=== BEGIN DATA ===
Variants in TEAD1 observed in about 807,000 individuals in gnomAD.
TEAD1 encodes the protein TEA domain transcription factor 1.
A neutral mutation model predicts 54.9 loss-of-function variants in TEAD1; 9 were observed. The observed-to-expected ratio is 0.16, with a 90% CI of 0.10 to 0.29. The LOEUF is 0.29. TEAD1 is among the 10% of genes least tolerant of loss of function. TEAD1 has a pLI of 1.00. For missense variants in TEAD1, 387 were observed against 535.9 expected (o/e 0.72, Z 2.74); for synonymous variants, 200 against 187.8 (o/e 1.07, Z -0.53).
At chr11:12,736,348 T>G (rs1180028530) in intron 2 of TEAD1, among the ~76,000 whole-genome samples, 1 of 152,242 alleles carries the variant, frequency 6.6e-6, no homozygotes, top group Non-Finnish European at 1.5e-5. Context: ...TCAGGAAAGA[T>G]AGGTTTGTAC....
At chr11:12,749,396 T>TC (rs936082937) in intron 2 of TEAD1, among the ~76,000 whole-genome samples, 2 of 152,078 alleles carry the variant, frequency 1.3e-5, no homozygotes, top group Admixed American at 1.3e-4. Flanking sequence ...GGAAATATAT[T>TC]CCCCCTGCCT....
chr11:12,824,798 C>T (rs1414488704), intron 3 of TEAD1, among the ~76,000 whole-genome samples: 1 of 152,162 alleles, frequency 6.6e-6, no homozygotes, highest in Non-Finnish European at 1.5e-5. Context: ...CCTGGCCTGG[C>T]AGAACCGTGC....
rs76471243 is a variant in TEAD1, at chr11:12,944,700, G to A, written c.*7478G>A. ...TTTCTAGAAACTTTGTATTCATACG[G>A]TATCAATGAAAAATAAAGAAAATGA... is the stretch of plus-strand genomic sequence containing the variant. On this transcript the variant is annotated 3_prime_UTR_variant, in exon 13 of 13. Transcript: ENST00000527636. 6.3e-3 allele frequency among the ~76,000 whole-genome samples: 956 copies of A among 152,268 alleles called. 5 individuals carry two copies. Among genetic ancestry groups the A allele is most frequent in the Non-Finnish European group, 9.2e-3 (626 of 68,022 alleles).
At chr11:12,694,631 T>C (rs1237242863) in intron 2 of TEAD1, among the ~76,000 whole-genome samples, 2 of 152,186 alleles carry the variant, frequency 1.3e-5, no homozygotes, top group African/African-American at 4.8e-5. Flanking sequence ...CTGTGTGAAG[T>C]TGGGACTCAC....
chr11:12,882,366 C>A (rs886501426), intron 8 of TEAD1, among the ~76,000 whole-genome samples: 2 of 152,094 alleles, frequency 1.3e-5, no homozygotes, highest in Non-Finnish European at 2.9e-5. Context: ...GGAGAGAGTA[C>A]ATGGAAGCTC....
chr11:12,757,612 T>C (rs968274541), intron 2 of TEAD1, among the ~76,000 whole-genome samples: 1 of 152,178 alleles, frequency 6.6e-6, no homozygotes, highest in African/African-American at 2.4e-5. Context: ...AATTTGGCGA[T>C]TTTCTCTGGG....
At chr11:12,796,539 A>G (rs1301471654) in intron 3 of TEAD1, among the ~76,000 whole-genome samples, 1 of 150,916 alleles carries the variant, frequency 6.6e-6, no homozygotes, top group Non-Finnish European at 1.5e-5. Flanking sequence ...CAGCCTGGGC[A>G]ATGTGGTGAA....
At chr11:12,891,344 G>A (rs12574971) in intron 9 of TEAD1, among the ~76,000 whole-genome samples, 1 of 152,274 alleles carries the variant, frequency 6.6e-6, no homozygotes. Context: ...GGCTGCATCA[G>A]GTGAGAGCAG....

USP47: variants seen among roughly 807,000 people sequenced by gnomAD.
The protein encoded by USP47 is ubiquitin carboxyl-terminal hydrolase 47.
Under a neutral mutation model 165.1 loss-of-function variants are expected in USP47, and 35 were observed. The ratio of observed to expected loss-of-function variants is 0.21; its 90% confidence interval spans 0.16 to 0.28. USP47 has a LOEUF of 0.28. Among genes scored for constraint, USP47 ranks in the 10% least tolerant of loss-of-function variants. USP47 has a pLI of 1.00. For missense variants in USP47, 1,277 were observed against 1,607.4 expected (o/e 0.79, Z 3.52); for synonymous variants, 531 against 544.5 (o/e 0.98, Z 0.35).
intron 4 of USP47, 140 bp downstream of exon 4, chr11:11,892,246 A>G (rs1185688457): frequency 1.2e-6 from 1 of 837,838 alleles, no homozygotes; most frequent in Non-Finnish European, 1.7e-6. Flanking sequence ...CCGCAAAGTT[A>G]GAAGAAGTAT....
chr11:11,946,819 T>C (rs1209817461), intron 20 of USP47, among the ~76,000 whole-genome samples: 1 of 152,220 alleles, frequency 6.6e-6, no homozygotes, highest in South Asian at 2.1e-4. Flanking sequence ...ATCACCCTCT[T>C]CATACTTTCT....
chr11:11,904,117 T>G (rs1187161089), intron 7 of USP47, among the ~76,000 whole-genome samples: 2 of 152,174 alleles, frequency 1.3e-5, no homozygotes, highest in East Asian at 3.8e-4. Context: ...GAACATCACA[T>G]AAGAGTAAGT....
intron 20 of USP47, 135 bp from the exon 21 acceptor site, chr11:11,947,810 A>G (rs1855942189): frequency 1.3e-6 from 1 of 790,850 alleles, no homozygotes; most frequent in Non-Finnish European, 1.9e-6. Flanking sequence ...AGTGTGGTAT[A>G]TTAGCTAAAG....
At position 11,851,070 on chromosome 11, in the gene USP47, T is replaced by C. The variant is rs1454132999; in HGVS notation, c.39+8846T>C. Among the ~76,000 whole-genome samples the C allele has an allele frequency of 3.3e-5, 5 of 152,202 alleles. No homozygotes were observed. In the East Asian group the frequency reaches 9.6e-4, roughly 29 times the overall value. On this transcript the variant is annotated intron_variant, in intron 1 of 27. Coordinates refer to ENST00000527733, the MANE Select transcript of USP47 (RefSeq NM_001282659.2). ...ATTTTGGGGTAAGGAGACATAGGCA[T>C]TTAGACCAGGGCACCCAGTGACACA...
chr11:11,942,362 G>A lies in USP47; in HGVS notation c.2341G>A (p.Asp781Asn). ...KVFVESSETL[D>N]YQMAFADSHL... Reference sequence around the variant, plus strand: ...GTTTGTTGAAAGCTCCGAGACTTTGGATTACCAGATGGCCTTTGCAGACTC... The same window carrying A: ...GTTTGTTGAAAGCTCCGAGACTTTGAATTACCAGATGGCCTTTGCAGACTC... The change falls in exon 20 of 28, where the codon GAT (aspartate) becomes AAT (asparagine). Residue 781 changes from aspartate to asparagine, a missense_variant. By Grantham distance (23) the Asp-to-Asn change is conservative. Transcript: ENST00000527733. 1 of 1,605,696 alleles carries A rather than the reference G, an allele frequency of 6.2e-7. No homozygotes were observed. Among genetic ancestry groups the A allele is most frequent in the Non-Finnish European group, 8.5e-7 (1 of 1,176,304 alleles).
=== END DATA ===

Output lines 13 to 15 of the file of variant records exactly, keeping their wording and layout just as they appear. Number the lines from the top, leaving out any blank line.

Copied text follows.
USP47: variants seen among roughly 807,000 people sequenced by gnomAD.
The protein encoded by USP47 is ubiquitin carboxyl-terminal hydrolase 47.
Under a neutral mutation model 165.1 loss-of-function variants are expected in USP47, and 35 were observed. The ratio of observed to expected loss-of-function variants is 0.21; its 90% confidence interval spans 0.16 to 0.28. USP47 has a LOEUF of 0.28. Among genes scored for constraint, USP47 ranks in the 10% least tolerant of loss-of-function variants. USP47 has a pLI of 1.00. For missense variants in USP47, 1,277 were observed against 1,607.4 expected (o/e 0.79, Z 3.52); for synonymous variants, 531 against 544.5 (o/e 0.98, Z 0.35).